By Oscar M. Baker
"That ye walk ... with all lowliness and meekness, with long-suffering, forbearing one another in love" (verse 2) .
As we said the last time, the last three chapters of Ephesians have to do with a walk based on the doctrine of chapters 1-3. We have in this verse five words that are important. They are the beginning of the walk. Not much use to try to go on unless these five principles are adhered to. In Christendom today doctrine and practice do not have much part. You just join an organization and it makes little difference what you do or the company you keep. This slovenly attitude is infectious. It spreads and many become careless.
1. Lowliness. This has to do with the mind. Not puffed up. Not superior in actions. It is closely related to humility which was one of the attributes of our Lord. We might describe lowliness as modesty of mind and deportment (our actions, our walk). The lowly ones do not seek the best place at the table at a feast. They do not try to dominate other folks. They know themselves and their weaknesses and walk accordingly. Such will eventually be exalted, given a better place. They earn it.
2. Meekness. Not too far from lowliness. Dr. Bullinger says of it, "Gentle, enduring all things with an even temper, free from haughty self-sufficiency, tender of spirit. A tenderness in bearing with others." Moses is said to have been a meek man. The Lord was meek and lowly. We might add that meekness is an outgrowth of love for one's neighbor. It is a quality that is too scarce in Christian circles these days.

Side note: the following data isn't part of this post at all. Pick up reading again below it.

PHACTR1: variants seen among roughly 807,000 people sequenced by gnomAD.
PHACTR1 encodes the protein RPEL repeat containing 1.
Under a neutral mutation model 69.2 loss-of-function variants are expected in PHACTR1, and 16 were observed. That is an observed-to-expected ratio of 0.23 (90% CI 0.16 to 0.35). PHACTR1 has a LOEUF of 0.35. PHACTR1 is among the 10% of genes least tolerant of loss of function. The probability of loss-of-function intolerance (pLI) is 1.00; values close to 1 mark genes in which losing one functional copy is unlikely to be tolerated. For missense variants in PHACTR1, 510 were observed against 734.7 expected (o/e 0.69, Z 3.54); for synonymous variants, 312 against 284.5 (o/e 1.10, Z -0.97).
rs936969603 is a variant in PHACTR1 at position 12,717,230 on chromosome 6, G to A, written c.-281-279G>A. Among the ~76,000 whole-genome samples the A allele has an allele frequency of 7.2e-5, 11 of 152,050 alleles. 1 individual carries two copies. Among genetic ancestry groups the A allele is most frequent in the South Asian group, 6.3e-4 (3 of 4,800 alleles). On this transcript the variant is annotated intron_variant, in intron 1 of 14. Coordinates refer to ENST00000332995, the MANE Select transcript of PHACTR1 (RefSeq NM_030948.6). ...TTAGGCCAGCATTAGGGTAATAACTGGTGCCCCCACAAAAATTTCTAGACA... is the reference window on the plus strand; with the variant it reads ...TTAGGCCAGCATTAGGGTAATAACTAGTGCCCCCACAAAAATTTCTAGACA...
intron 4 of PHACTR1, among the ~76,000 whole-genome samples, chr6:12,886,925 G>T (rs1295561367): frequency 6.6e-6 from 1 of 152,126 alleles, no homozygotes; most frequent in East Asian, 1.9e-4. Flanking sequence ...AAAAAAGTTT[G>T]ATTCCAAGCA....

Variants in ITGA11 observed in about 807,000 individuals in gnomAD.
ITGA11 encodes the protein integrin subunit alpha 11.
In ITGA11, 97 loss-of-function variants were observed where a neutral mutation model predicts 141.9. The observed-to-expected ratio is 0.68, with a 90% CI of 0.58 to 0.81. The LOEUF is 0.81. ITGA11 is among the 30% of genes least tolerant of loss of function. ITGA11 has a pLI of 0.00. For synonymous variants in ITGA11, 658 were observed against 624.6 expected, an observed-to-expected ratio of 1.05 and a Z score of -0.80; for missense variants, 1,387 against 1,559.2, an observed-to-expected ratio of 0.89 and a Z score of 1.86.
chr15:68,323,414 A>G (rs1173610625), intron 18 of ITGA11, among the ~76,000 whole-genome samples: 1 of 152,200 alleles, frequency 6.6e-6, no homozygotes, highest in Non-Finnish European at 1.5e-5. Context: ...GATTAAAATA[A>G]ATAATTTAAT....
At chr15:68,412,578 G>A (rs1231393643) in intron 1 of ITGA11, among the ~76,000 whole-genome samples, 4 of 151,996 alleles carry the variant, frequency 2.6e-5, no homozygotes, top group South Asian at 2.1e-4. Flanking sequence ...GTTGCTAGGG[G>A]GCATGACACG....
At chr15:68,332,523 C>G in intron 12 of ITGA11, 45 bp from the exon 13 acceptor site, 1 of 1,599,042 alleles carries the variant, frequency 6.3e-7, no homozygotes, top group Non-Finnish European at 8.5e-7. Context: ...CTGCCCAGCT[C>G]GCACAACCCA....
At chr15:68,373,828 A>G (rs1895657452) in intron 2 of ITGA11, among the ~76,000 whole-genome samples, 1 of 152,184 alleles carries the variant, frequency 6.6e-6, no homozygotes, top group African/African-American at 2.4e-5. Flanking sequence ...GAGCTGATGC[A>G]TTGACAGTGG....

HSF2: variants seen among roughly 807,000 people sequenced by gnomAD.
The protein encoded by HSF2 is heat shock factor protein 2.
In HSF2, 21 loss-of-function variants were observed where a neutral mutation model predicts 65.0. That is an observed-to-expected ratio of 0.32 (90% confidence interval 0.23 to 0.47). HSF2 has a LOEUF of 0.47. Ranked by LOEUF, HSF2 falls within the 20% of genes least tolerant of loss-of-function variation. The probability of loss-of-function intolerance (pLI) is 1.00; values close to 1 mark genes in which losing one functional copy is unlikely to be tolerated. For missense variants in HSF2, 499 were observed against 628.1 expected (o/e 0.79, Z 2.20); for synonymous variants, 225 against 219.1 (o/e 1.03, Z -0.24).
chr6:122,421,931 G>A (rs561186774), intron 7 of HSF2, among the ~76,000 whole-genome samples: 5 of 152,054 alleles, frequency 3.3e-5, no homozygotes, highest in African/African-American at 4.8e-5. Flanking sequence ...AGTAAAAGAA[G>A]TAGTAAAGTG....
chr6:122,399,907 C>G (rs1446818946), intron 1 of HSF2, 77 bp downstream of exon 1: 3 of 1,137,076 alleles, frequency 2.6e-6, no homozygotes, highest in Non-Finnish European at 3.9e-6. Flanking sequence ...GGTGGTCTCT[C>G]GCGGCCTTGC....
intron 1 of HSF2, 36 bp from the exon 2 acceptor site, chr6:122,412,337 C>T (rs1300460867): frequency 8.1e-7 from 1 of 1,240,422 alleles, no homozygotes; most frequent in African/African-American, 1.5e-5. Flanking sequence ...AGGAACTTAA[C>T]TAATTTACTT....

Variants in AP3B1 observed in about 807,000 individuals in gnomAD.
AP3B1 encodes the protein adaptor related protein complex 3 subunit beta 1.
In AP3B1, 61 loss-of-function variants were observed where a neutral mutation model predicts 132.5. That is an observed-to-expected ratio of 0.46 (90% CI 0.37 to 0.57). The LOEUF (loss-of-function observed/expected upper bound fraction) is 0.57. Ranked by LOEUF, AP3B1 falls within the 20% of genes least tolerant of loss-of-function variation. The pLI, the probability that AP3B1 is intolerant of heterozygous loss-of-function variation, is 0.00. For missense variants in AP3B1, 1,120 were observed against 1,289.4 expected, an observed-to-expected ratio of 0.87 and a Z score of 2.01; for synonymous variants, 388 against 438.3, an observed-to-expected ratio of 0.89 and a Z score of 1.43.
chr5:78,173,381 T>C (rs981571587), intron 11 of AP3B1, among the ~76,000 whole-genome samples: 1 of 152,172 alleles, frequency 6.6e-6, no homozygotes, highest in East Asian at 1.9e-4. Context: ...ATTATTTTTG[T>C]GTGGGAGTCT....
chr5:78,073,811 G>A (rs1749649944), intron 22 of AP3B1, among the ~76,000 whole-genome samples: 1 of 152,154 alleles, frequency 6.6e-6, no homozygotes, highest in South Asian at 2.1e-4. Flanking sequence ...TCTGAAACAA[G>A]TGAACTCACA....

3. Long-Suffering. Probably just about what it sounds like. God suffered Israel's manners in the wilderness 40 long years. This means that God was a long time in becoming angry. He endured or waited patiently for them to repent and change their ways. So we should act among neighbors and also our own family. We must not be impatient with folks. We may not know their troubles or what might be on their minds. So it pays to wait, to be long-suffering.
4. Forbearing. In the happy home, there must be two bears; "bear," and "forbear." Again we go to the lexicon, and we find that it means "to hold one's self upright. Hence, to bear up, hold up, hold out, endure; then to bear with." I hope that folks will bear with me as I try to make these expositions. Forbear is self restraint, the opposite of heady, angry, and the like. We must not get too impatient with others. Let them express themselves.
5. In Love. Here is the key to the four items above. All these cannot be put on or made to work successfully except there is love. Read over and over the 13th chapter of I Corinthians. The love there brought out is not bounded by dispensational fences. We must love God and also our neighbor.
(Reprinted from Truth For Today, Vol. 30, No. 12)